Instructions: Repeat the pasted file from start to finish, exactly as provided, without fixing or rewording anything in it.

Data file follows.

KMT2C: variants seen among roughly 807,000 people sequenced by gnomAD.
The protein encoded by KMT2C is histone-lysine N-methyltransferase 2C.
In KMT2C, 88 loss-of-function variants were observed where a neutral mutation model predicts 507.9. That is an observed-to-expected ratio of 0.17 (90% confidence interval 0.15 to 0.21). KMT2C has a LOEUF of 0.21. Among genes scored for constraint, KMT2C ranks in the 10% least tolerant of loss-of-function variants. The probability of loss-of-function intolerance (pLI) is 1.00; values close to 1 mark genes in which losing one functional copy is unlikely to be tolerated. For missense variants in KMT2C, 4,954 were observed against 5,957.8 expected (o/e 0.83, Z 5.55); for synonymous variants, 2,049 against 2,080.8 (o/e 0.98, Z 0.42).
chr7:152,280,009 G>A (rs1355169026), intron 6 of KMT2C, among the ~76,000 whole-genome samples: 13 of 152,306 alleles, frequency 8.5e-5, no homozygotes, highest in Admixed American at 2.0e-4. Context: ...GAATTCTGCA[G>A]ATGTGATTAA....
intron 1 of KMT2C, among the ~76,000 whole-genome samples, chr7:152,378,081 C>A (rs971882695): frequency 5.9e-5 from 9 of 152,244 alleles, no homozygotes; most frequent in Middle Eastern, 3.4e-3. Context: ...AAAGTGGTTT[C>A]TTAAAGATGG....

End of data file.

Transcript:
KMT2C: variants seen among roughly 807,000 people sequenced by gnomAD.
The protein encoded by KMT2C is histone-lysine N-methyltransferase 2C.
In KMT2C, 88 loss-of-function variants were observed where a neutral mutation model predicts 507.9. That is an observed-to-expected ratio of 0.17 (90% confidence interval 0.15 to 0.21). KMT2C has a LOEUF of 0.21. Among genes scored for constraint, KMT2C ranks in the 10% least tolerant of loss-of-function variants. The probability of loss-of-function intolerance (pLI) is 1.00; values close to 1 mark genes in which losing one functional copy is unlikely to be tolerated. For missense variants in KMT2C, 4,954 were observed against 5,957.8 expected (o/e 0.83, Z 5.55); for synonymous variants, 2,049 against 2,080.8 (o/e 0.98, Z 0.42).
chr7:152,280,009 G>A (rs1355169026), intron 6 of KMT2C, among the ~76,000 whole-genome samples: 13 of 152,306 alleles, frequency 8.5e-5, no homozygotes, highest in Admixed American at 2.0e-4. Context: ...GAATTCTGCA[G>A]ATGTGATTAA....
intron 1 of KMT2C, among the ~76,000 whole-genome samples, chr7:152,378,081 C>A (rs971882695): frequency 5.9e-5 from 9 of 152,244 alleles, no homozygotes; most frequent in Middle Eastern, 3.4e-3. Context: ...AAAGTGGTTT[C>A]TTAAAGATGG....